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The Pentagon As Silicon Valley's Incubator 27

Posted by samzenpus
from the getting-it-started dept.
An anonymous reader writes "The Times has an article about how people coming out of the Pentagon are helping create a boom in technology start-ups. From the article: 'In the last year, former Department of Defense and intelligence agency operatives have headed to Silicon Valley to create technology start-ups specializing in tools aimed at thwarting online threats. Frequent reports of cyberattacks have expanded the demand for security tools, in both the public and private sectors, and venture capital money has followed. In 2012, more than $1 billion in venture financing poured into security start-ups, more than double the amount in 2010, according to the National Venture Capital Association.'"
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The Pentagon As Silicon Valley's Incubator

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  • World [cyber]war 3 (Score:5, Insightful)

    by OffTheLip (636691) on Friday August 23, 2013 @08:09AM (#44652907)
    The current/latest Pentagon buzzword and future money pit is cyber warfare. Whatever it takes to keep the money tap open.
    • In the last year, former Department of Defense and intelligence agency operatives have headed to Silicon Valley to create technology start-ups specializing in tools.

      "We shape our tools. And then our tools shape us."

    • Who modded this "troll?" It's absolutely true. Same old perverse relationship between the DoD and "defense" contractors, new technology.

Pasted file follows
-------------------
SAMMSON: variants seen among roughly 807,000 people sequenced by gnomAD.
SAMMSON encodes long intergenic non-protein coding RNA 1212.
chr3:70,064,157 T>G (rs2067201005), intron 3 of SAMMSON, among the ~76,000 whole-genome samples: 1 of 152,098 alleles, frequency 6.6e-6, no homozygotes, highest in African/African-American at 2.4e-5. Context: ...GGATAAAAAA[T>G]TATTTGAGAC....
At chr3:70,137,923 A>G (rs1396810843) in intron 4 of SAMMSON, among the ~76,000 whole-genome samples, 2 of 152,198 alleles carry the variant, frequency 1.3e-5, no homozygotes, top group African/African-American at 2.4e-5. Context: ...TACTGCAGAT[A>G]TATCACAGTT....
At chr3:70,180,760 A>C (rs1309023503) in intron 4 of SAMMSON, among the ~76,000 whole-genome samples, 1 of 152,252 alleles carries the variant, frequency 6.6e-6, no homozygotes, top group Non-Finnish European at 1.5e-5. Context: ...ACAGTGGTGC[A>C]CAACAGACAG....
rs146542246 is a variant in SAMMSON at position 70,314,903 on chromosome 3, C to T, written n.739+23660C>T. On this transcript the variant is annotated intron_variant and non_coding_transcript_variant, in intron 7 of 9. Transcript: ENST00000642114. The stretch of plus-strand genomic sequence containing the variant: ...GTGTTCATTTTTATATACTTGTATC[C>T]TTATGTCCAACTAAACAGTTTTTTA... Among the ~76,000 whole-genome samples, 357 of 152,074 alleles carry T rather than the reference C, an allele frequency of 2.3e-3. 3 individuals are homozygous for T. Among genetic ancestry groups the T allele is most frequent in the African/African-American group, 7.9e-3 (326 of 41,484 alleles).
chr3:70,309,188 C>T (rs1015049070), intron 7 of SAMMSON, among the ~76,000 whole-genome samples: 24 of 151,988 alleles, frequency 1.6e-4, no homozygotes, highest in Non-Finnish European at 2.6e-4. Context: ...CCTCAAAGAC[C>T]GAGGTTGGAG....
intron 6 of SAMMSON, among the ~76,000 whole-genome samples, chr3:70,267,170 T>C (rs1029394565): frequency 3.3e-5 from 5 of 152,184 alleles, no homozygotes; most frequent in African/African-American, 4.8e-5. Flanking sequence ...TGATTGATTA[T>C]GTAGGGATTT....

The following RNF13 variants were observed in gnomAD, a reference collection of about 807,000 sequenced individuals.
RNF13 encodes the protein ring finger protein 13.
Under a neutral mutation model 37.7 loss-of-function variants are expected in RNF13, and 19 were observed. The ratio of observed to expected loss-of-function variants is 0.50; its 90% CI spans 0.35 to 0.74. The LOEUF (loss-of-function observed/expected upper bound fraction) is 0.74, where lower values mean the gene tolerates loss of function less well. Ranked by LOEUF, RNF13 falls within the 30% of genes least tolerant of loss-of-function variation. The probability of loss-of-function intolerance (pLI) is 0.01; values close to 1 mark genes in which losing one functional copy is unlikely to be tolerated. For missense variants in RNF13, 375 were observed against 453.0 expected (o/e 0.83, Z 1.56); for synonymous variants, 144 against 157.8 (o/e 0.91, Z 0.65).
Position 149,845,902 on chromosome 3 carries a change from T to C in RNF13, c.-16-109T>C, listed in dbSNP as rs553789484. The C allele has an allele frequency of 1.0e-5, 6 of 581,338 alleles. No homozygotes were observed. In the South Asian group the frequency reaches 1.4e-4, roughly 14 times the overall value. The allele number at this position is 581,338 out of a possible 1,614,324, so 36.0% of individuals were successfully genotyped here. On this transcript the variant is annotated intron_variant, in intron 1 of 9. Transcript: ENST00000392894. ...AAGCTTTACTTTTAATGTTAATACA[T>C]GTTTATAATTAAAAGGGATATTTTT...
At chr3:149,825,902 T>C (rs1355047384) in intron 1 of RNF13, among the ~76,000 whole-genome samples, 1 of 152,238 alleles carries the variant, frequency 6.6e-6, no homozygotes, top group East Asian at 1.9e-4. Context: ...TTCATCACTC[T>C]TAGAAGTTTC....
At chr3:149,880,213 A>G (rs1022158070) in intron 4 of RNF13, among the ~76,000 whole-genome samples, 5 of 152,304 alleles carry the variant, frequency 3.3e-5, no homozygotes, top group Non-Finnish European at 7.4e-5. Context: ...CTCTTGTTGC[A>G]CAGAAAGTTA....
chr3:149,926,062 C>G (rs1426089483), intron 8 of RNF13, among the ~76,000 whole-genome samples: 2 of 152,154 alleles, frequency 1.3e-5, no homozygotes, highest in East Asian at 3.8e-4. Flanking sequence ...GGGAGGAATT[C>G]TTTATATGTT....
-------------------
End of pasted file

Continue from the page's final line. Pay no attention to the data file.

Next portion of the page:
• by erroneus (253617) on Friday August 23, 2013 @08:21AM (#44652957) Homepage

    When I lived in the DC area, the first thing that struck me was how many people asked me if I had a clearance. It was all about having a clearance and working on government projects there. It was kind of sickening to me to realize that -- all these people trying to suck at the government teat. And my impression was that no one was interested in working hard, doing a good job or doing anything interesting at all. It was about having government work and making large amounts of money. (Lack of enthusiasm is one of many key problems with government wouldn't you agree?)

    And for government to be a driving factor in industry...? Any industry? It's also the sign of a problem... problems really. We know what we get when we mix military and industry -- a system that destroys people, property and nations for profit -- one where there can be no world peace because in order to sustain that business model, trouble must always be stirred up somewhere at all times. Do the words "invented threats" ring any bells or strike any chords?

    As if the US military industrial complex isn't enough of a problem for the world (because you know the US isn't supposed to have a standing army by law) we also have the spy industry to deal with... it has always been there, but spies historically keep a low profile. These days, not so much.

    • by Anonymous Coward

      >> It was kind of sickening to me to realize that -- all these people trying to suck at the government teat. And my impression was that no one was interested in working hard, doing a good job or doing anything interesting at all.

      Indeed... the entire massive infrastructure of the US IC and DOD was stood up by a bunch of lazy incompetent slobs. The ability to spy in 75% of all domestic internet traffic? Slackers did that.